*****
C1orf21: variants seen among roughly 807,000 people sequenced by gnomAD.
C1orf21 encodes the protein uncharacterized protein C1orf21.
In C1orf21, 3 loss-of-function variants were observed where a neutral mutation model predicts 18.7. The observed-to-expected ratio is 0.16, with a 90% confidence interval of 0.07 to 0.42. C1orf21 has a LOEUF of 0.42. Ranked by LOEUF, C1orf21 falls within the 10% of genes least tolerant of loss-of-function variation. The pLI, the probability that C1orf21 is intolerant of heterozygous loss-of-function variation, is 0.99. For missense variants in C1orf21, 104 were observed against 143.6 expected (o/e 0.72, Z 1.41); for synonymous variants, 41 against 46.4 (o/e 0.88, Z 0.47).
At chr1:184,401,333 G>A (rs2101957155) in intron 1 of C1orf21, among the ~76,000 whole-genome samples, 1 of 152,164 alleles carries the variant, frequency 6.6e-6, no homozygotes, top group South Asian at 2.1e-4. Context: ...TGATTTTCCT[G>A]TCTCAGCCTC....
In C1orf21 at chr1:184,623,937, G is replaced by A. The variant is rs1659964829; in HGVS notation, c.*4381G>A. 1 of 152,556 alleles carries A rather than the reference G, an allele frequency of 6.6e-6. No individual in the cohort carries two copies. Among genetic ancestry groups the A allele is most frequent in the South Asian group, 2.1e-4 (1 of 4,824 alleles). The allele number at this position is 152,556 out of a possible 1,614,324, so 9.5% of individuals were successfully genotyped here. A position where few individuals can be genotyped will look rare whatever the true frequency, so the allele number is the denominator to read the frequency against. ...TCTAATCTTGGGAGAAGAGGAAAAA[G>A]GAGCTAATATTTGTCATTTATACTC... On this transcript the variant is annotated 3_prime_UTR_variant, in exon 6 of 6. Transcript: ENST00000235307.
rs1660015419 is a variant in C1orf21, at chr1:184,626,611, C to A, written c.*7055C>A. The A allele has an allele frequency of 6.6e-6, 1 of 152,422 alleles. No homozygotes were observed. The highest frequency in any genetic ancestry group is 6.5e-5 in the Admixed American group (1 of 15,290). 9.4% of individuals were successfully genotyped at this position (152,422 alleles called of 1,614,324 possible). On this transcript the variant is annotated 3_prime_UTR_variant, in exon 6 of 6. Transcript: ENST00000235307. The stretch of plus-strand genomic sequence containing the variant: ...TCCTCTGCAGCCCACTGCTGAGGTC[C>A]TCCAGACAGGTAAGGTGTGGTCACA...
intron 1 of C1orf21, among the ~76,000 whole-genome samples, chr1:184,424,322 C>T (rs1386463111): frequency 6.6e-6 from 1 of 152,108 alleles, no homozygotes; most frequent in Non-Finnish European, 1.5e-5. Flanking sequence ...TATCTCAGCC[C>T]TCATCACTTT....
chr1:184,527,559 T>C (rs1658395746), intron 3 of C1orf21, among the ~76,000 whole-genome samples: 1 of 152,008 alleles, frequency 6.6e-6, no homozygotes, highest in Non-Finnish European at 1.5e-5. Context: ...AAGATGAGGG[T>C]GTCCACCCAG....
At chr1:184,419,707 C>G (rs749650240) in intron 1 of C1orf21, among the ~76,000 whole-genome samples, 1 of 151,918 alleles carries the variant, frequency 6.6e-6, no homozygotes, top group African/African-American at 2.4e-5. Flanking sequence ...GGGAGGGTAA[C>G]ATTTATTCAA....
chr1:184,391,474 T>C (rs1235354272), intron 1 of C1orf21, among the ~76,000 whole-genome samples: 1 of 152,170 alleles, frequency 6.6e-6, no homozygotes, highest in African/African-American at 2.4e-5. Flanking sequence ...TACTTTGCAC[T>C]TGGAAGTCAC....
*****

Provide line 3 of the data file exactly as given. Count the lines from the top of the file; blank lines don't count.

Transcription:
In C1orf21, 3 loss-of-function variants were observed where a neutral mutation model predicts 18.7. The observed-to-expected ratio is 0.16, with a 90% confidence interval of 0.07 to 0.42. C1orf21 has a LOEUF of 0.42. Ranked by LOEUF, C1orf21 falls within the 10% of genes least tolerant of loss-of-function variation. The pLI, the probability that C1orf21 is intolerant of heterozygous loss-of-function variation, is 0.99. For missense variants in C1orf21, 104 were observed against 143.6 expected (o/e 0.72, Z 1.41); for synonymous variants, 41 against 46.4 (o/e 0.88, Z 0.47).